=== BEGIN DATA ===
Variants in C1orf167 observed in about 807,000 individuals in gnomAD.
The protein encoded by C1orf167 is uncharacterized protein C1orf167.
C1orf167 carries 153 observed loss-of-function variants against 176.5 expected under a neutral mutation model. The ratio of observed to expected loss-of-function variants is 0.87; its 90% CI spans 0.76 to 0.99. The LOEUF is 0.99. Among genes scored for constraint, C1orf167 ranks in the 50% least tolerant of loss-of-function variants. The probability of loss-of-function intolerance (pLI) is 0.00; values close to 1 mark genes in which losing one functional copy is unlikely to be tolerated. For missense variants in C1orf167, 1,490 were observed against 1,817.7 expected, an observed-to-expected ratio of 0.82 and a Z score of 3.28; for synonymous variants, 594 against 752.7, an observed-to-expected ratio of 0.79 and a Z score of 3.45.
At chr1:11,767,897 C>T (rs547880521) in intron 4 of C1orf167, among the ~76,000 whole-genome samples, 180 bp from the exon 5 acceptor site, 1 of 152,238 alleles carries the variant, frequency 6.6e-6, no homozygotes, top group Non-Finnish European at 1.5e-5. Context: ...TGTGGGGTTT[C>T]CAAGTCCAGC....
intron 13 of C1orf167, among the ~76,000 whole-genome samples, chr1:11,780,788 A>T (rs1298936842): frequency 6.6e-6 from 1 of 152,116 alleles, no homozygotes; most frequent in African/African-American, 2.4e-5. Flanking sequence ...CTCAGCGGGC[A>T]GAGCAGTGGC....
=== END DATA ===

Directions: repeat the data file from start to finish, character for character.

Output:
Variants in C1orf167 observed in about 807,000 individuals in gnomAD.
The protein encoded by C1orf167 is uncharacterized protein C1orf167.
C1orf167 carries 153 observed loss-of-function variants against 176.5 expected under a neutral mutation model. The ratio of observed to expected loss-of-function variants is 0.87; its 90% CI spans 0.76 to 0.99. The LOEUF is 0.99. Among genes scored for constraint, C1orf167 ranks in the 50% least tolerant of loss-of-function variants. The probability of loss-of-function intolerance (pLI) is 0.00; values close to 1 mark genes in which losing one functional copy is unlikely to be tolerated. For missense variants in C1orf167, 1,490 were observed against 1,817.7 expected, an observed-to-expected ratio of 0.82 and a Z score of 3.28; for synonymous variants, 594 against 752.7, an observed-to-expected ratio of 0.79 and a Z score of 3.45.
At chr1:11,767,897 C>T (rs547880521) in intron 4 of C1orf167, among the ~76,000 whole-genome samples, 180 bp from the exon 5 acceptor site, 1 of 152,238 alleles carries the variant, frequency 6.6e-6, no homozygotes, top group Non-Finnish European at 1.5e-5. Context: ...TGTGGGGTTT[C>T]CAAGTCCAGC....
intron 13 of C1orf167, among the ~76,000 whole-genome samples, chr1:11,780,788 A>T (rs1298936842): frequency 6.6e-6 from 1 of 152,116 alleles, no homozygotes; most frequent in African/African-American, 2.4e-5. Flanking sequence ...CTCAGCGGGC[A>T]GAGCAGTGGC....